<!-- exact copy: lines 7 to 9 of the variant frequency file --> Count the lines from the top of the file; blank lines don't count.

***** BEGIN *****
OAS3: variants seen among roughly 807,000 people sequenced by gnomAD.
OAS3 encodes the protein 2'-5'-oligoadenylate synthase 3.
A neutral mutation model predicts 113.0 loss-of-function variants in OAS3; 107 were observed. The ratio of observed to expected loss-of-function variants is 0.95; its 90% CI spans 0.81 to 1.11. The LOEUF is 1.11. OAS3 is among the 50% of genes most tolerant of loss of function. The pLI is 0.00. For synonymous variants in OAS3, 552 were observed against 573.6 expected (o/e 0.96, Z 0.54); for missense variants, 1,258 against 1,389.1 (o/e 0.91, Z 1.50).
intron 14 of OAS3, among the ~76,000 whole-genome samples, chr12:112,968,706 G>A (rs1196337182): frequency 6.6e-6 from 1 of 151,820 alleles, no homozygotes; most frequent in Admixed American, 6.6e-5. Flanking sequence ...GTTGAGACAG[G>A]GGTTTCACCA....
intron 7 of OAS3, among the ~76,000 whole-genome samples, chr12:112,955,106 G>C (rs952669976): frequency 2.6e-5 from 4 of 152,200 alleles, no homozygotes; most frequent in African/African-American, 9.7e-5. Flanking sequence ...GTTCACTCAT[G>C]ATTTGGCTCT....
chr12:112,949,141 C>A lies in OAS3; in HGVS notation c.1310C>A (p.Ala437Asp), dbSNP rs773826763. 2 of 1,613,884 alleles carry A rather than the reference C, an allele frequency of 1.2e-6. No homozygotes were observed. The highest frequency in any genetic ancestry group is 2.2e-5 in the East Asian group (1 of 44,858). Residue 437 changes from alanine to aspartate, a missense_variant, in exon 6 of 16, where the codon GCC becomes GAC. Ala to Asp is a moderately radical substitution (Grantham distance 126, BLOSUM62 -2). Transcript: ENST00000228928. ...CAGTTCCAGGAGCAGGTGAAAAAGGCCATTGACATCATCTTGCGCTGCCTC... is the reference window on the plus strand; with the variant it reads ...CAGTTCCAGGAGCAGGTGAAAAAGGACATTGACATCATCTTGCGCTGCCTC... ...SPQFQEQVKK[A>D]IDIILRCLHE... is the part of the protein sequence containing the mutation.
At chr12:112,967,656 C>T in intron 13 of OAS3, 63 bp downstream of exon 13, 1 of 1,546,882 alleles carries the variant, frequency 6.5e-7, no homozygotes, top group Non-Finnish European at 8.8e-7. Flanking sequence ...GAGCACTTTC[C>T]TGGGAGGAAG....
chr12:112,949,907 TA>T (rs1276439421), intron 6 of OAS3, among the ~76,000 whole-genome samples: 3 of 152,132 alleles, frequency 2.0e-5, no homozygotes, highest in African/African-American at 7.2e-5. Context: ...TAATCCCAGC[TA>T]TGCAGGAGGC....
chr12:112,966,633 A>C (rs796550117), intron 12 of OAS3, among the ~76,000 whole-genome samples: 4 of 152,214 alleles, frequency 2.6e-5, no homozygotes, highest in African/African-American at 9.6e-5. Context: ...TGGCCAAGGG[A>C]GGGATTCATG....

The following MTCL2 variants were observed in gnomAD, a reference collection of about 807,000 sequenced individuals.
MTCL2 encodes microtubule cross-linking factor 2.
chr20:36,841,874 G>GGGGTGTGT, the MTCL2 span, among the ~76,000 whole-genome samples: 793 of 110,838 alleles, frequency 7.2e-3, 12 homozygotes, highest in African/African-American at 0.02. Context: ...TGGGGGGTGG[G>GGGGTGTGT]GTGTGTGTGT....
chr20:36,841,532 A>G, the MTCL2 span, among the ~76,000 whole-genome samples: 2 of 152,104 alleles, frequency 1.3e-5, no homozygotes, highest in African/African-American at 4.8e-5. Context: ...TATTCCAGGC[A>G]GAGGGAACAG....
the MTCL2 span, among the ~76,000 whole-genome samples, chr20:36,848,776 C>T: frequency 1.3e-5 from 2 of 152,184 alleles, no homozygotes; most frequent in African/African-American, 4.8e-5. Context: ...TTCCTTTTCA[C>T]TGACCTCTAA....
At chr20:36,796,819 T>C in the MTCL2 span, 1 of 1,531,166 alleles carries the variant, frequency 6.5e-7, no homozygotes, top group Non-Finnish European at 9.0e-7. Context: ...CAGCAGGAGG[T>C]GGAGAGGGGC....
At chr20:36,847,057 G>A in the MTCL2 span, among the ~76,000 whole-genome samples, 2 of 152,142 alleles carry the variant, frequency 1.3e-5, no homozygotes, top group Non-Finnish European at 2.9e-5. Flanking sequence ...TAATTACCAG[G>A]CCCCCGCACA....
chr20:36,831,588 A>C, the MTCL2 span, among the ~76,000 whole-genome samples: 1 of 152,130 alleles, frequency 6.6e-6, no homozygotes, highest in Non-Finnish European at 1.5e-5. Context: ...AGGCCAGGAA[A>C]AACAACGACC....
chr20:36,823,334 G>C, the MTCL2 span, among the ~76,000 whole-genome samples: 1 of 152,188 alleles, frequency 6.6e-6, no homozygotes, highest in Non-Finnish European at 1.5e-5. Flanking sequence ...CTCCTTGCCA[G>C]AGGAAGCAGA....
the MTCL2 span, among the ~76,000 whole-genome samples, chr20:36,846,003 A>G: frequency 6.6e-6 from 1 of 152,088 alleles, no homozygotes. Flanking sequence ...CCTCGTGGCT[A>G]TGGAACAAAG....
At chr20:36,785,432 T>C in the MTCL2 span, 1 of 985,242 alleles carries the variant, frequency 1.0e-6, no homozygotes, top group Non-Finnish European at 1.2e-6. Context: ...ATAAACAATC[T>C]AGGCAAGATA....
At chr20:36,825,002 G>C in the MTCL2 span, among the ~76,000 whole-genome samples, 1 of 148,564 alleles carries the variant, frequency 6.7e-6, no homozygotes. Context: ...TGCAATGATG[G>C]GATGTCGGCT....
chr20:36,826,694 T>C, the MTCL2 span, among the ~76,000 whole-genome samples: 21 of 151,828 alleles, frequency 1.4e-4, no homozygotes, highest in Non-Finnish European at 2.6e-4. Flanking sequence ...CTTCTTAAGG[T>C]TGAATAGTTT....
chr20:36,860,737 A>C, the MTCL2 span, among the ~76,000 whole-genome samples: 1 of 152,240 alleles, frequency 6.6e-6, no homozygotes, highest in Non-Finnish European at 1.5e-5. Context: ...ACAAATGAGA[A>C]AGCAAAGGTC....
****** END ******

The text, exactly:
At chr12:112,967,656 C>T in intron 13 of OAS3, 63 bp downstream of exon 13, 1 of 1,546,882 alleles carries the variant, frequency 6.5e-7, no homozygotes, top group Non-Finnish European at 8.8e-7. Flanking sequence ...GAGCACTTTC[C>T]TGGGAGGAAG....
chr12:112,949,907 TA>T (rs1276439421), intron 6 of OAS3, among the ~76,000 whole-genome samples: 3 of 152,132 alleles, frequency 2.0e-5, no homozygotes, highest in African/African-American at 7.2e-5. Context: ...TAATCCCAGC[TA>T]TGCAGGAGGC....
chr12:112,966,633 A>C (rs796550117), intron 12 of OAS3, among the ~76,000 whole-genome samples: 4 of 152,214 alleles, frequency 2.6e-5, no homozygotes, highest in African/African-American at 9.6e-5. Context: ...TGGCCAAGGG[A>C]GGGATTCATG....